WASHINGTON – The Federal Reserve’s plan to buy more Treasury bonds has incited critics at home to complain of possible runaway inflation and financial turmoil.

It turns out many foreigners are angry, too, suspecting that the Fed’s $600 billion program is a scheme to give U.S. exporters an unfair edge — one that endangers the global economy.

Is it? Or is the Fed’s plan a credible way to help end an unemployment crisis and revitalize the economy?

In either case, few dispute that Fed Chairman Ben Bernanke is taking a gamble. Whether or not his plan succeeds in aiding the U.S. economy, it risks triggering a trade war and encouraging dangerous speculation in financial markets.

Fallout from the move also took a toll on this week’s summit of world leaders in Seoul, where President Obama had to use precious negotiating time defending the Fed’s plan.

Many economists say the Fed didn’t have much choice — not with U.S. unemployment stalled at 9.6 percent, short-term interest rates already near zero and Congress refusing to spend more to jolt the economy.

“They’ve run out of bullets,” says Uri Dadush, director of the international economics program at the Carnegie Endowment for International Peace.

So the Fed announced plans to print enough money to buy an average of $75 billion in Treasury bonds each month for eight months. And it left the door open for more. The bond-purchase program is intended to energize the economy by forcing down long-term interest rates. Those lower rates might encourage some consumers and businesses to borrow and spend more.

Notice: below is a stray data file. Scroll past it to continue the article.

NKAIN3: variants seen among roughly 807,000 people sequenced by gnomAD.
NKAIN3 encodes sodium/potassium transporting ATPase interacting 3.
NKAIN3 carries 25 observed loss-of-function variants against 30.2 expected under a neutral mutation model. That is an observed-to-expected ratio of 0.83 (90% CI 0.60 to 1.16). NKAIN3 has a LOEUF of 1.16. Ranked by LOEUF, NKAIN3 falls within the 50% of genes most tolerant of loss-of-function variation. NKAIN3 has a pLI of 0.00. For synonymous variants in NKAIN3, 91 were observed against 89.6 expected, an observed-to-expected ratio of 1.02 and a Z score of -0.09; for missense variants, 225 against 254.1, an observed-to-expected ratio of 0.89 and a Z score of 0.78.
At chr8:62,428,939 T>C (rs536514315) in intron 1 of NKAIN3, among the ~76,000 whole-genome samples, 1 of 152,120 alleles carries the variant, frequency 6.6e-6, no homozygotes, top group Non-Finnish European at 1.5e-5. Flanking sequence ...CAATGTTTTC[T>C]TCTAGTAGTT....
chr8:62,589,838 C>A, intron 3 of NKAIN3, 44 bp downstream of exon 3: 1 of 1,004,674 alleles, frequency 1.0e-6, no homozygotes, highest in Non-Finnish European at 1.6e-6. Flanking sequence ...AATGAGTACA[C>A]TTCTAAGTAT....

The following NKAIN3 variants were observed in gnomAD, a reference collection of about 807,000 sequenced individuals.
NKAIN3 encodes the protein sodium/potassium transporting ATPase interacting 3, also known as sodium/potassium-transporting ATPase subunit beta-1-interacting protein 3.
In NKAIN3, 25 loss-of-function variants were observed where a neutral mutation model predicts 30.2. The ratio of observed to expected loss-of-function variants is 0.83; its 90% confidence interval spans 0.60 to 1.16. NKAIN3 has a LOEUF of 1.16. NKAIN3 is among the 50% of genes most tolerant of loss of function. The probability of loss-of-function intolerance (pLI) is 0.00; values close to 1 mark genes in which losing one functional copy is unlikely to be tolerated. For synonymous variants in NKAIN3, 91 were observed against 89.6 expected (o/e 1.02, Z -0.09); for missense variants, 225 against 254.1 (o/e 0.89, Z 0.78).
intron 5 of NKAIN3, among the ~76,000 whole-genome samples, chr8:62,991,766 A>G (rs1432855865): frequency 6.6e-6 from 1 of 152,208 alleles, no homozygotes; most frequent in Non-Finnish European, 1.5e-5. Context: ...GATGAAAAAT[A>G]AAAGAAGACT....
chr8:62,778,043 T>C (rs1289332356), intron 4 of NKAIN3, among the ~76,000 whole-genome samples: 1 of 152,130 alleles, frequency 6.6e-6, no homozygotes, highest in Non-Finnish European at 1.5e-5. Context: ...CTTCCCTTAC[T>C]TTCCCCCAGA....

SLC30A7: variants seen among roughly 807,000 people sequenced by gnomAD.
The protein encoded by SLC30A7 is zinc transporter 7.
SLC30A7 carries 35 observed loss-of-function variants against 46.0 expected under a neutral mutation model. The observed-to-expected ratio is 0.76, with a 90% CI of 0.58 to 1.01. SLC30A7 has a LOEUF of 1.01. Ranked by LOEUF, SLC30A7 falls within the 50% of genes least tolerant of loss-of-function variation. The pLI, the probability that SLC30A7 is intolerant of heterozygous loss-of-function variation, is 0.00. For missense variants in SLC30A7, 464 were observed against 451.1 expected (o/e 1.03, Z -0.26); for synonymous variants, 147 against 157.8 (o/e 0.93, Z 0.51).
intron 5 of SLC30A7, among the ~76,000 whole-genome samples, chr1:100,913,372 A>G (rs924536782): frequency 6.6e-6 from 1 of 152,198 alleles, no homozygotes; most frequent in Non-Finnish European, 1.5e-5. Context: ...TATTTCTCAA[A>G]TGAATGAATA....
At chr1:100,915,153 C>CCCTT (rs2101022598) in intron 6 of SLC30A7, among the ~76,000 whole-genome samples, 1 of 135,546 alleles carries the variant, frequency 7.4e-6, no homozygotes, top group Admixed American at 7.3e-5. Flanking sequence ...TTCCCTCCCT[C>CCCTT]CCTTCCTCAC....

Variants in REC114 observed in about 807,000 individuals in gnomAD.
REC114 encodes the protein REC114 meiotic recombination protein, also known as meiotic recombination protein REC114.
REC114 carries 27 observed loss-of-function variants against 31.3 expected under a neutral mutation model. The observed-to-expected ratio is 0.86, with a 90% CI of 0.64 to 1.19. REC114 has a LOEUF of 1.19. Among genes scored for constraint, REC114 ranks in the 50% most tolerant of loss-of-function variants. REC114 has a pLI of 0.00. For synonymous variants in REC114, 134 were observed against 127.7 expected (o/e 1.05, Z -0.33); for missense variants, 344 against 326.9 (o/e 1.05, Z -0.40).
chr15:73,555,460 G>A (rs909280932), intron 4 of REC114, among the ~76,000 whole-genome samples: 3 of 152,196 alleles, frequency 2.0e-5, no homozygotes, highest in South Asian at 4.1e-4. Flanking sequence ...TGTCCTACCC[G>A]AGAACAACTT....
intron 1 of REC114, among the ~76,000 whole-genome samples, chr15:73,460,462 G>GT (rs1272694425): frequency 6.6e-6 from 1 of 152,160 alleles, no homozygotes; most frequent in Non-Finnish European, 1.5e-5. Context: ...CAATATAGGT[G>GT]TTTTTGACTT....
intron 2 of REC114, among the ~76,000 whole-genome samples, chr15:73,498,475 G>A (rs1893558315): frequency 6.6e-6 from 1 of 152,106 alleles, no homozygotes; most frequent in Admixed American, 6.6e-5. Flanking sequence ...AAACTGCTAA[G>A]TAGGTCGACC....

Yet the Fed’s move threatens to inflame global tensions. That’s because of what happens when it prints more dollars to lower interest rates: More dollars flooding the financial system will cause the dollar’s value to fall. That will make U.S. products cheaper around the world. It will also make foreign goods costlier in the United States. Americans will be less likely to buy foreign products.

Economies like Germany and China, which have ridden a wave of exports out of the recession, complain that the Fed’s main goal is to lower the dollar’s value to give U.S. exporters an unfair price advantage. They call the move hypocritical because Washington has long complained that Beijing keeps its currency artificially low to boost exports.

Carnegie’s Dadush says that countries must solve problems in their own economies, rather than point fingers at each other’s. But he adds that U.S. lawmakers should pass a short-term spending plan to jolt the economy instead of leaning on a Fed program that could rattle world markets.

Dadush says China should let the yuan rise, but fears other countries would then be tempted to game their own currencies.

“I’ve been watching trade for 35, 40 years,” Dadush says. “I’m more worried about a protectionist resurgence than I’ve been in my lifetime.”